In theory, a new generation catching on to democracy — not only registering and voting, but also organizing, caucusing, shaping party platforms and running for office — is something older “small-d” democrats cheer.

In practice, not so much.

The rumble in Minneapolis from seasoned citizens about the upstarts whose names are on the Nov. 7 city election ballot doesn’t sound much like cheering. In the contests for the Minneapolis Park and Recreation Board, the noise has become downright nasty.

Generational transition isn’t the whole story in the campaigns for all nine seats on the Park Board — three at-large plus six district representatives. But it’s where this tale must begin:

The average age of the six nonincumbents endorsed by the DFL Party for the Park Board is 35; that of the seven-member slate backed by the Bernie Sanders-inspired group Our Revolution, six of whom are also DFL-endorsed, is 36. By comparison, the average age of the seven candidates who are backed by the Save Our #1 Parks committee — only one of whom, 39-year-old Fifth District incumbent Steffanie Musich, is also DFL-endorsed — is 51.

Predictably, a new generation brings new priorities — and less experience. The Our Revolution candidates say this year’s campaign is all about making city park operations catch up with the times in a city whose population is now more than a third nonwhite. They talk about economic fairness, racial equity and global warming — themes that, not coincidentally, were prominent in the 2016 Bernie Sanders presidential campaign.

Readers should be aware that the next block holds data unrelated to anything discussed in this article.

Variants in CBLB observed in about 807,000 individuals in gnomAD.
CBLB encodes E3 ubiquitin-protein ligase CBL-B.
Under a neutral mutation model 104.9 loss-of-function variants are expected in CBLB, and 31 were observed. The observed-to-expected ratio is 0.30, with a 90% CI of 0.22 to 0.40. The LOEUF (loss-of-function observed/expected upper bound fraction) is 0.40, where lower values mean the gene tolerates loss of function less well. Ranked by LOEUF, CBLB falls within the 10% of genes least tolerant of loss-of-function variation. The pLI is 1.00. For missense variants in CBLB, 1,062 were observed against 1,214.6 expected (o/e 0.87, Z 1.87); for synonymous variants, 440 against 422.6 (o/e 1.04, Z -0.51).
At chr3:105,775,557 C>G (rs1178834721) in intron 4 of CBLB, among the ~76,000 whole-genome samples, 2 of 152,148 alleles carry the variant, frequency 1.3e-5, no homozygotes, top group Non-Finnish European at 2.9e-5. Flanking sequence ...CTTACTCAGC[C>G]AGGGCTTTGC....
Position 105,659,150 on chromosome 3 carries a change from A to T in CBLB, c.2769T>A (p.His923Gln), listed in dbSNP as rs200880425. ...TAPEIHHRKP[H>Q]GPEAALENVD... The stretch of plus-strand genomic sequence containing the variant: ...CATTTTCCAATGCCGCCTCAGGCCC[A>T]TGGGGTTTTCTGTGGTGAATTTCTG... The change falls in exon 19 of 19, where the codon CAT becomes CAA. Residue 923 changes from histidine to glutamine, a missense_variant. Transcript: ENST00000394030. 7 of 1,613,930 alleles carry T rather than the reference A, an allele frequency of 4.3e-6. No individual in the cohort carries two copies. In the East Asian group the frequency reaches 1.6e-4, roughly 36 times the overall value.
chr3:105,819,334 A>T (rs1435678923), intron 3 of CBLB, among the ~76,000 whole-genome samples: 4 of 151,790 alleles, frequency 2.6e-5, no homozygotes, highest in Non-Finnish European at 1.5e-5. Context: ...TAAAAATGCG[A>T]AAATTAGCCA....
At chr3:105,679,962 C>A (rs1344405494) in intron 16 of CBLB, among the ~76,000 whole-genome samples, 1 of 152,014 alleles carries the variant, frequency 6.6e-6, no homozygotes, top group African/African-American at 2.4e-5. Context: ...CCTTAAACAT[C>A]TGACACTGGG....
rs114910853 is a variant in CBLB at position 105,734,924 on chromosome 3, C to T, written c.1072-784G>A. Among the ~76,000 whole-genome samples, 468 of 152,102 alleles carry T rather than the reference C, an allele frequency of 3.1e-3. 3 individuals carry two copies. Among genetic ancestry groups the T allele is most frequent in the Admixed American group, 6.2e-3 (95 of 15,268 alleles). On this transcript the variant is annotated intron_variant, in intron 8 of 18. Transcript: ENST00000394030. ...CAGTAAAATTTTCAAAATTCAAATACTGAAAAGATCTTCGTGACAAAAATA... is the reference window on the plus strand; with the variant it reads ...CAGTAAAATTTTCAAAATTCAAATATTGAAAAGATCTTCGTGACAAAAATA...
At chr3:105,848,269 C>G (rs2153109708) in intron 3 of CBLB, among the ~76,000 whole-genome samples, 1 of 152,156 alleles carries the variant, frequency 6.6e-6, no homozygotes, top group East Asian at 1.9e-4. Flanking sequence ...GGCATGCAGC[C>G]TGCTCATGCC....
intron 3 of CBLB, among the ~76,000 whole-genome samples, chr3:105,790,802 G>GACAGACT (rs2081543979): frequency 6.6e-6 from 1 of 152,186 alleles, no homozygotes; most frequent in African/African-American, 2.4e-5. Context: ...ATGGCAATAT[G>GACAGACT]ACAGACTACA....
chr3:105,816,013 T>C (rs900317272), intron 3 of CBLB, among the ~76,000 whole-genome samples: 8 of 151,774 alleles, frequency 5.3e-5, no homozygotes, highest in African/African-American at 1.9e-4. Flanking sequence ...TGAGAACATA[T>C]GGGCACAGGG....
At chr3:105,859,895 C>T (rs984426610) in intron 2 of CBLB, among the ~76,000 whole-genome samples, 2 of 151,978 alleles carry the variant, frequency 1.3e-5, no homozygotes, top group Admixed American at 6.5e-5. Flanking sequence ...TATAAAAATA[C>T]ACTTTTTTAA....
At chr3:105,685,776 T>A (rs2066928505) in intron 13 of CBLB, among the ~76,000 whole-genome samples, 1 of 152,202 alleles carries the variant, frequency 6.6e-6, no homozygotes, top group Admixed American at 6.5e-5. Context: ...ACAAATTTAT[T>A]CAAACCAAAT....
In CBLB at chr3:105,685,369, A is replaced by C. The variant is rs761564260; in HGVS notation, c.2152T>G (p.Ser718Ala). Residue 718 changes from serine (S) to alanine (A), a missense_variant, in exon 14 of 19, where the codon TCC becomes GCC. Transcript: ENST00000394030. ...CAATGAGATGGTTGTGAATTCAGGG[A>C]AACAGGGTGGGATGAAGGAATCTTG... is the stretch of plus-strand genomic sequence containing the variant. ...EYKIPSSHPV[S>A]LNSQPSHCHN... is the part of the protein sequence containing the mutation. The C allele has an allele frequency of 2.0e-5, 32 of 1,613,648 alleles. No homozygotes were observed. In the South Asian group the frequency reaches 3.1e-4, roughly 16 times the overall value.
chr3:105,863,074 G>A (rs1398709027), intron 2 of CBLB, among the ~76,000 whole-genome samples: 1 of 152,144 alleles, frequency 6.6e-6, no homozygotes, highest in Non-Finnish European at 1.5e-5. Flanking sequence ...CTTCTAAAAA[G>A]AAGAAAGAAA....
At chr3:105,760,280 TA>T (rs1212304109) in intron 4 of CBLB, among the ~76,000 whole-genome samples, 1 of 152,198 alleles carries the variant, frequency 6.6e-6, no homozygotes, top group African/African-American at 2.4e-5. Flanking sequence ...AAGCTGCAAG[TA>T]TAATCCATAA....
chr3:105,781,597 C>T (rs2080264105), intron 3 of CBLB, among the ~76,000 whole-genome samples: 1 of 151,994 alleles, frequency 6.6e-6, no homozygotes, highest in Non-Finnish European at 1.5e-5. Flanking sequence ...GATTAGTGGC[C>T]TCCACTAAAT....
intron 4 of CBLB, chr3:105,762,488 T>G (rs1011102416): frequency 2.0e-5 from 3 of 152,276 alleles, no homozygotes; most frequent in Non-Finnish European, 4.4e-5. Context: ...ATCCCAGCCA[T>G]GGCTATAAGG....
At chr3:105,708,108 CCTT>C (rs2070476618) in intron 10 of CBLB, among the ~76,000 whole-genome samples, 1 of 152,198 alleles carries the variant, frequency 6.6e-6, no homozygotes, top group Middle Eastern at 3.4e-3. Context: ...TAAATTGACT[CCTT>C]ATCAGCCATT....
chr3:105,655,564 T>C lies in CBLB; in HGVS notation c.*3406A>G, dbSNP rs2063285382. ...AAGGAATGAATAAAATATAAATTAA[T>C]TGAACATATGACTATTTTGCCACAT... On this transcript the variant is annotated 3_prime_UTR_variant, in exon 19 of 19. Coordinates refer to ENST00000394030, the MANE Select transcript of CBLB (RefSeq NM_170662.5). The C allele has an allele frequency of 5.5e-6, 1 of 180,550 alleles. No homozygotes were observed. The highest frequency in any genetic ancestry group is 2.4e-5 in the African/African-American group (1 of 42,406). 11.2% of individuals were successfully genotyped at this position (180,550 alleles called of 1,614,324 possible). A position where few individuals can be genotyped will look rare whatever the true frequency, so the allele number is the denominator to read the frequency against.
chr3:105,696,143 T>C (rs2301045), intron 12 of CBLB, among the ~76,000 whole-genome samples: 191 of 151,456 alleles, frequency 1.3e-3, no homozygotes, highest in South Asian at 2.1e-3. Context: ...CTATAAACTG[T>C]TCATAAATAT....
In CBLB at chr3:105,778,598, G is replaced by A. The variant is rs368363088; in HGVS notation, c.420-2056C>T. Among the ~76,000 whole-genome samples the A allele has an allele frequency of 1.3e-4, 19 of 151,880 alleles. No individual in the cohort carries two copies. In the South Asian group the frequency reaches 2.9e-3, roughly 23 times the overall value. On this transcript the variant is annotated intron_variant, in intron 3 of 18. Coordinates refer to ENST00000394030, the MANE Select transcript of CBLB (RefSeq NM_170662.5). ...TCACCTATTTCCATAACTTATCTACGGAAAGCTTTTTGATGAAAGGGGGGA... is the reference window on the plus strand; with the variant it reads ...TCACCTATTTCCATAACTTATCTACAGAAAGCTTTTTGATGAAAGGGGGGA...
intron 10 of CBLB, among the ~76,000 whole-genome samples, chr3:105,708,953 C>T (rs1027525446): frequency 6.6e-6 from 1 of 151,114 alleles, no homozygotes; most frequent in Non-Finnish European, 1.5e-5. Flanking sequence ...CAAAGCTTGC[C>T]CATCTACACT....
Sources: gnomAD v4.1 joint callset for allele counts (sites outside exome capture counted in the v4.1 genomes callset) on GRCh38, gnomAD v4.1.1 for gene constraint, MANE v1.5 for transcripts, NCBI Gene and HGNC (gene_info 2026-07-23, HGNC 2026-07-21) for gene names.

For example: At-large candidate Russ “Rooster” Henry, 40, wants chemical-free parks (but does not explain how he’d keep sports fields playable without them). At-large candidate Devin Hogan, 33, says he’s a “fearless focused futurist” who wants to end “inefficient fossil fuel maintenance” at city parks and replace it with “permaculture practices.” Second District candidate Kale Severson, 34, a former parks employee, promises to push for retrofitting park buildings with solar panels and geothermal systems.

Our Revolution’s more seasoned opponents say the city is witnessing a power grab by people who don’t have a clue about managing a $110-million-a-year public budget and don’t know, let alone appreciate, all that the incumbent Park Board has done for the very causes they champion.

For instance: 1 of every 4 parks employees is a person of color today, up from 1 of 5 in 2010. That was the year Jayne Miller arrived as superintendent; on her watch, the Trust for Public Land twice ranked the Minneapolis system the best big-city system in the country. A 20-year agreement reached last year with the City Council eases the financial pressure that was holding back park improvements. Its assurance of an $11-million-plus-inflation annual stream presents an opportunity for the Park Board to move beyond fiscal crises to consider a wider improvement agenda.

Ironically, the Park Board player who helped engineer that breakthrough deal — President Liz Wielinski — was an early casualty of the push for change. She publicly clashed with mayoral candidate Nekima Levy-Pounds and the NAACP over Park Board hiring practices, stepped down as board president in July 2016, then decided not to seek a third term.